A 520 plan is a college savings planning tool. The number 529 is the Internal Revenue Code Section for which it is named.
There are two types of 529 plans:
- Prepaid Tuition Plans
- College Savings Plans
Basically, a parent (or grandparent) puts money into an account so that the money can be withdrawn to pay for the college expenses of a child (or grandchild).
If the investment account grows over time, the withdrawals should be tax-free as long as the funds are used to pay for tuition and/or room and board at a college (a.k.a. qualified higher education expenses).
Prepaid Tuition Plans
Many states have have set up Prepaid Tuition Plans for their schools and, in some cases, the investment is guaranteed. If you know which college you want your child (or grandchild) to attend, prepaid tuition plans offer an excellent opportunity to pay for college credits and units and, in some cases, other higher education expenses.
By setting up a Section 529 plan for Prepaid Tuition, you get the chance to buy tuition at current rates. That way, if the tuition at your chosen school rises, you could end up paying a lot less for their college.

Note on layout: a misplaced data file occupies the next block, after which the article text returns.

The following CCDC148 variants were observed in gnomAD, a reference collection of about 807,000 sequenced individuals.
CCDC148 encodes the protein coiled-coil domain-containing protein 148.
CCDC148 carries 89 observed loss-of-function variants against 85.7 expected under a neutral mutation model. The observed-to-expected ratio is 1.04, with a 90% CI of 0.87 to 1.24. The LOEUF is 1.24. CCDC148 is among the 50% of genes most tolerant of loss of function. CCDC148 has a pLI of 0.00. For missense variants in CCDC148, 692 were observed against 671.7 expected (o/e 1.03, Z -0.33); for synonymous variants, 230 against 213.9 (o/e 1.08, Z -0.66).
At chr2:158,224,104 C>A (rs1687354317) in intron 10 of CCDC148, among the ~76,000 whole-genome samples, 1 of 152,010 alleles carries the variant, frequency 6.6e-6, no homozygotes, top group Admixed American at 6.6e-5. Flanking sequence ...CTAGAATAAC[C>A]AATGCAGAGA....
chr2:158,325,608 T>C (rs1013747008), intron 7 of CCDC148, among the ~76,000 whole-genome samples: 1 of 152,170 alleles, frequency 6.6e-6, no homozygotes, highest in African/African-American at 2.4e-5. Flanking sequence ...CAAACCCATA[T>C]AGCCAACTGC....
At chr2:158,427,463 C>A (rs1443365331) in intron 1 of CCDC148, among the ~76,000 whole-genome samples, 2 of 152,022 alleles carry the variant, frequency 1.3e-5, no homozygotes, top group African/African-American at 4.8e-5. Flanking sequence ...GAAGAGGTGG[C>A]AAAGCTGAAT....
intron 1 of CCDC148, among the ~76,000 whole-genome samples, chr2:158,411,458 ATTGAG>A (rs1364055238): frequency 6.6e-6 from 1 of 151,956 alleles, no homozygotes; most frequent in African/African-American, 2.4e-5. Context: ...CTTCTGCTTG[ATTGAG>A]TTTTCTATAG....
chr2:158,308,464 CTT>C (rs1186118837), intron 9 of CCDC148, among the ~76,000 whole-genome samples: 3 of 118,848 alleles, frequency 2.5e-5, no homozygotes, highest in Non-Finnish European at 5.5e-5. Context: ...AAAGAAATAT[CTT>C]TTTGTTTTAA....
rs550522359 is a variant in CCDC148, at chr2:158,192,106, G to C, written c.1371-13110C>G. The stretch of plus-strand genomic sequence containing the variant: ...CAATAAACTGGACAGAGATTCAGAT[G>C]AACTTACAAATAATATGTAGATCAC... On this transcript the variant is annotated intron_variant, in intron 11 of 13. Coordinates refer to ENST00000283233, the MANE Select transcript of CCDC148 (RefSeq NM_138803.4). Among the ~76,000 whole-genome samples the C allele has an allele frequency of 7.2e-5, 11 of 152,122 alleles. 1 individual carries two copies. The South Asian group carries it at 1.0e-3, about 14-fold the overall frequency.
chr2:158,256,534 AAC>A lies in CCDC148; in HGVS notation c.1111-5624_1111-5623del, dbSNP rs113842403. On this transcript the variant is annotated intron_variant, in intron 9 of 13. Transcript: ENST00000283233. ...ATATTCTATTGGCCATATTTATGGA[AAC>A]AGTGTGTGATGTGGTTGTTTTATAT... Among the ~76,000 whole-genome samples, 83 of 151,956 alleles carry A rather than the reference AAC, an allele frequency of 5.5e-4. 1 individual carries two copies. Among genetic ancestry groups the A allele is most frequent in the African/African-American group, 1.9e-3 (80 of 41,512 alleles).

Prepaid Tuition Plans outline exactly how much the recipient (beneficiary) can receive, based on the number of years of college and other factors. The amount of money you set aside each year is determined by the prepaid tuition plan and the beneficiary’s age.
Prepaid Tuition Plans are usually for state of residency and other limitations (such of length of schooling) should apply. The timing of the enrollment (set-up) will be limited and/or vary depending on the state.
College Savings Plans
A College Saving Plan is more broad based: Many expenses can be covered, not just tuition. Of course, the expenses should be directly related to the cost of higher education. There are, however, limits to the amount of money you can contribute to these types of plans.
College Savings Plans usually do not offer guarantees, but you can have the money apply to either a child or an adult, whereas the Prepaid Tuition Plan is normally for a child.
College Savings Plans are usually purchased through a licensed broker or investment specialist whereas a Prepaid Tuition Plan is usually purchased through the state of the college/institution.
After the investment account is set-up, if you withdraw the money early (and not for college), there’s a 10% penalty (reported on your tax return) for the amount the money has grown (appreciated). The state tax effect of this transaction could vary.
Some states offer incentives to purchase into a Prepaid Tuition Plan, such as a deduction on your tax return during the year of your lump-sum investment.
It’s a good idea to seek the help of a professional with regards to a Internal Revenue Code Section 529 plan.